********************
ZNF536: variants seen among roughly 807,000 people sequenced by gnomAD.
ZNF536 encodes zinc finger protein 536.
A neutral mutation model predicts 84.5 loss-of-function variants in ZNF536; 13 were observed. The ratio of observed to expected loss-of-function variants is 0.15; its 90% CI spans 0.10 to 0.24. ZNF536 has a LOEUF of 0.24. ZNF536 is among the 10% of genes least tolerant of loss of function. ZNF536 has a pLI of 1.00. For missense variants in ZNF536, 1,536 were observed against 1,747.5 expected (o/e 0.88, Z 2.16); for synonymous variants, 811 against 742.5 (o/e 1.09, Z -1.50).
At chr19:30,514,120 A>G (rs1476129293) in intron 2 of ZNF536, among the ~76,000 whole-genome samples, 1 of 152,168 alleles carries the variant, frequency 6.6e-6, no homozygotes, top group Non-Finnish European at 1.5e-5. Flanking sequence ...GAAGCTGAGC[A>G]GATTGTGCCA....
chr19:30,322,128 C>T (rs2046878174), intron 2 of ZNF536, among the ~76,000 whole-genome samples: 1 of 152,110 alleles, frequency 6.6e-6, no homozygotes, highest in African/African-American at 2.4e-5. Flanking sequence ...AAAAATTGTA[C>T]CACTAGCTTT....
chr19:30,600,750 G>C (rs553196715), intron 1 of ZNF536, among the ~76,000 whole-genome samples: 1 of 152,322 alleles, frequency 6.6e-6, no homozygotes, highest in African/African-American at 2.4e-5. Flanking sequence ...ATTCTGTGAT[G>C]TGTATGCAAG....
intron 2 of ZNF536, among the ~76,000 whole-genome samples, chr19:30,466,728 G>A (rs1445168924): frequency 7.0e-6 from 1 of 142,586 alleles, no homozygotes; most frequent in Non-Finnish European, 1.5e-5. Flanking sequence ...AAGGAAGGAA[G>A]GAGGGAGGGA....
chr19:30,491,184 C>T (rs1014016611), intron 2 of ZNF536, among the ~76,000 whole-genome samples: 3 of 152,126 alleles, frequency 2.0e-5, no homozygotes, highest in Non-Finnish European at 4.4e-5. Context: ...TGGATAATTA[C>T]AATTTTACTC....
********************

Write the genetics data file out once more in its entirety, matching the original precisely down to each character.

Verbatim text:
ZNF536: variants seen among roughly 807,000 people sequenced by gnomAD.
ZNF536 encodes zinc finger protein 536.
A neutral mutation model predicts 84.5 loss-of-function variants in ZNF536; 13 were observed. The ratio of observed to expected loss-of-function variants is 0.15; its 90% CI spans 0.10 to 0.24. ZNF536 has a LOEUF of 0.24. ZNF536 is among the 10% of genes least tolerant of loss of function. ZNF536 has a pLI of 1.00. For missense variants in ZNF536, 1,536 were observed against 1,747.5 expected (o/e 0.88, Z 2.16); for synonymous variants, 811 against 742.5 (o/e 1.09, Z -1.50).
At chr19:30,514,120 A>G (rs1476129293) in intron 2 of ZNF536, among the ~76,000 whole-genome samples, 1 of 152,168 alleles carries the variant, frequency 6.6e-6, no homozygotes, top group Non-Finnish European at 1.5e-5. Flanking sequence ...GAAGCTGAGC[A>G]GATTGTGCCA....
chr19:30,322,128 C>T (rs2046878174), intron 2 of ZNF536, among the ~76,000 whole-genome samples: 1 of 152,110 alleles, frequency 6.6e-6, no homozygotes, highest in African/African-American at 2.4e-5. Flanking sequence ...AAAAATTGTA[C>T]CACTAGCTTT....
chr19:30,600,750 G>C (rs553196715), intron 1 of ZNF536, among the ~76,000 whole-genome samples: 1 of 152,322 alleles, frequency 6.6e-6, no homozygotes, highest in African/African-American at 2.4e-5. Flanking sequence ...ATTCTGTGAT[G>C]TGTATGCAAG....
intron 2 of ZNF536, among the ~76,000 whole-genome samples, chr19:30,466,728 G>A (rs1445168924): frequency 7.0e-6 from 1 of 142,586 alleles, no homozygotes; most frequent in Non-Finnish European, 1.5e-5. Flanking sequence ...AAGGAAGGAA[G>A]GAGGGAGGGA....
chr19:30,491,184 C>T (rs1014016611), intron 2 of ZNF536, among the ~76,000 whole-genome samples: 3 of 152,126 alleles, frequency 2.0e-5, no homozygotes, highest in Non-Finnish European at 4.4e-5. Context: ...TGGATAATTA[C>T]AATTTTACTC....